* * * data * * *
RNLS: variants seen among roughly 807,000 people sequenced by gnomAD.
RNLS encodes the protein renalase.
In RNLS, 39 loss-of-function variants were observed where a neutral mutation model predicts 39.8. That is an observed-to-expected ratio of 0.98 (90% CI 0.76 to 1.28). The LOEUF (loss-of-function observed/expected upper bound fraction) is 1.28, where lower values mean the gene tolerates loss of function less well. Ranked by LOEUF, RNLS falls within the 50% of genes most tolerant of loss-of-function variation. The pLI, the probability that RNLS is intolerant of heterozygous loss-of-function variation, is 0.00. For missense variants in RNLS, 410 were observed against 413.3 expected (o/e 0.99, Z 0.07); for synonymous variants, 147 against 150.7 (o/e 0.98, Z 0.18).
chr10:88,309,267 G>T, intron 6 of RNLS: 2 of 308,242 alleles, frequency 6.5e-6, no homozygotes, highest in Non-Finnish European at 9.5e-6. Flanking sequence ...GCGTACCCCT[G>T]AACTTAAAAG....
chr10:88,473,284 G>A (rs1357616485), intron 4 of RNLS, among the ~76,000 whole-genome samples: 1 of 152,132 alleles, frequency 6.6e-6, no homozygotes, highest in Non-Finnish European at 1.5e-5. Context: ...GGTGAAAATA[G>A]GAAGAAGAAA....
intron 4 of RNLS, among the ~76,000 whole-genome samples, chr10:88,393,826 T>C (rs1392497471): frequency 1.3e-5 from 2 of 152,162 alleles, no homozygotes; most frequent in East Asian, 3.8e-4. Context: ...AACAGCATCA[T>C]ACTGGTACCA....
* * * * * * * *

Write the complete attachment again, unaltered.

RNLS: variants seen among roughly 807,000 people sequenced by gnomAD.
RNLS encodes the protein renalase.
In RNLS, 39 loss-of-function variants were observed where a neutral mutation model predicts 39.8. That is an observed-to-expected ratio of 0.98 (90% CI 0.76 to 1.28). The LOEUF (loss-of-function observed/expected upper bound fraction) is 1.28, where lower values mean the gene tolerates loss of function less well. Ranked by LOEUF, RNLS falls within the 50% of genes most tolerant of loss-of-function variation. The pLI, the probability that RNLS is intolerant of heterozygous loss-of-function variation, is 0.00. For missense variants in RNLS, 410 were observed against 413.3 expected (o/e 0.99, Z 0.07); for synonymous variants, 147 against 150.7 (o/e 0.98, Z 0.18).
chr10:88,309,267 G>T, intron 6 of RNLS: 2 of 308,242 alleles, frequency 6.5e-6, no homozygotes, highest in Non-Finnish European at 9.5e-6. Flanking sequence ...GCGTACCCCT[G>T]AACTTAAAAG....
chr10:88,473,284 G>A (rs1357616485), intron 4 of RNLS, among the ~76,000 whole-genome samples: 1 of 152,132 alleles, frequency 6.6e-6, no homozygotes, highest in Non-Finnish European at 1.5e-5. Context: ...GGTGAAAATA[G>A]GAAGAAGAAA....
intron 4 of RNLS, among the ~76,000 whole-genome samples, chr10:88,393,826 T>C (rs1392497471): frequency 1.3e-5 from 2 of 152,162 alleles, no homozygotes; most frequent in East Asian, 3.8e-4. Context: ...AACAGCATCA[T>C]ACTGGTACCA....